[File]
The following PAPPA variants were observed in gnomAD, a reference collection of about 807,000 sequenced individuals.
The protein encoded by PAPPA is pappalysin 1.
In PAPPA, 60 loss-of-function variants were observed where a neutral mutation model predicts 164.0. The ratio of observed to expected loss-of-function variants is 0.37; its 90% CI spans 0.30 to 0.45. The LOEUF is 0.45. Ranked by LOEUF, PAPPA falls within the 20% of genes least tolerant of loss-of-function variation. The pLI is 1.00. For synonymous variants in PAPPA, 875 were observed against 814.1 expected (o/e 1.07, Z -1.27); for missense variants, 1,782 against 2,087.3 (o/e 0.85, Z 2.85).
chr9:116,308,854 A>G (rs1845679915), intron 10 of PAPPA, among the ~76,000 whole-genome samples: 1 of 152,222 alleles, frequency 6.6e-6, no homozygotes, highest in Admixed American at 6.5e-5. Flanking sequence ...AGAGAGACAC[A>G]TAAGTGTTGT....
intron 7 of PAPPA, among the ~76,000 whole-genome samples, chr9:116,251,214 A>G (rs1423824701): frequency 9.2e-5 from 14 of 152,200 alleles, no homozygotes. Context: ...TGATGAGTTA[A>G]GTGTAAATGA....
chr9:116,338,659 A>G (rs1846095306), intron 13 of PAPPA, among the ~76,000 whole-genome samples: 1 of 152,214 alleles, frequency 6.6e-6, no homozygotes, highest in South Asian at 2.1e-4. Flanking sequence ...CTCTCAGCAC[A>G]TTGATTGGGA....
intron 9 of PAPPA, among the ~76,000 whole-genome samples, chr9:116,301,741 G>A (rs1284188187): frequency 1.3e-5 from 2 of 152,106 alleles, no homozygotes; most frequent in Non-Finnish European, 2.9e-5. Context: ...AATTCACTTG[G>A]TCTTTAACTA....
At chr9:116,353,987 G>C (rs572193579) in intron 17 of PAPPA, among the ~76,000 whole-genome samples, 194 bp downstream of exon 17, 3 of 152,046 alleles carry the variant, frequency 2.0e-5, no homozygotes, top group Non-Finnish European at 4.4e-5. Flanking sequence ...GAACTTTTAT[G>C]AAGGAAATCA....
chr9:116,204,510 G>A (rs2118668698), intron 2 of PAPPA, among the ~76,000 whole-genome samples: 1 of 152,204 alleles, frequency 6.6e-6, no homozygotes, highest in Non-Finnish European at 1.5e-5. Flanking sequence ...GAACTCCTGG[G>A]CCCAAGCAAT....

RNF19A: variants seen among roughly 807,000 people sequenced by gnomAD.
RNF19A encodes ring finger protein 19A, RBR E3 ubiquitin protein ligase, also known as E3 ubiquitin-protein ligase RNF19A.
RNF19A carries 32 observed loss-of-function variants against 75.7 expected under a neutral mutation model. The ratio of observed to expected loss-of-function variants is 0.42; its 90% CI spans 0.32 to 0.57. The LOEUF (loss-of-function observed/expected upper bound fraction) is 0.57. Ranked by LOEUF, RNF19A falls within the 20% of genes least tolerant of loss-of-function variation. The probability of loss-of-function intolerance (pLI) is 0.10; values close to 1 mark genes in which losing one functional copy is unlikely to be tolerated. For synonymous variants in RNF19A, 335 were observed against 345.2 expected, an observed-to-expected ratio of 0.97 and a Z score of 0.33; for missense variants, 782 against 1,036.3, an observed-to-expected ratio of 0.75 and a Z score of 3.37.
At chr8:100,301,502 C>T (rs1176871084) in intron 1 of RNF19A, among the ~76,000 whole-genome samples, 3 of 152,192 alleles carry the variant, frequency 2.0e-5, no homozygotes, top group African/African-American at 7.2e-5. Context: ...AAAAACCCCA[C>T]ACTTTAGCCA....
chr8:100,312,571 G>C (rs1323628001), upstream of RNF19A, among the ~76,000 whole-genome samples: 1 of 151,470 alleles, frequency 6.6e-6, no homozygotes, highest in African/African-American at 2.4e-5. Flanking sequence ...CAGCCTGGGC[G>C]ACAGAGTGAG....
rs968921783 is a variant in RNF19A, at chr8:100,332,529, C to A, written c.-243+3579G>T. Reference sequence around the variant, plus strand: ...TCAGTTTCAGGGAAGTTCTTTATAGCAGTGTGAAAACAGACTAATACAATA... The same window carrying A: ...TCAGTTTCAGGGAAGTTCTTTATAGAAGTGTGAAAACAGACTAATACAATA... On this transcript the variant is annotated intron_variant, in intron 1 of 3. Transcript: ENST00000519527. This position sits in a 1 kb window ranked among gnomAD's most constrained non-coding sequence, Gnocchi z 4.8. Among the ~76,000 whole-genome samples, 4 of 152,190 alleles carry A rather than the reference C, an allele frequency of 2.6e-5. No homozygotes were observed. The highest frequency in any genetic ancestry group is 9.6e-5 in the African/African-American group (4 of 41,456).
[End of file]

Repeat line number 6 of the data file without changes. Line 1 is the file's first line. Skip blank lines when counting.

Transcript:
chr9:116,338,659 A>G (rs1846095306), intron 13 of PAPPA, among the ~76,000 whole-genome samples: 1 of 152,214 alleles, frequency 6.6e-6, no homozygotes, highest in South Asian at 2.1e-4. Flanking sequence ...CTCTCAGCAC[A>G]TTGATTGGGA....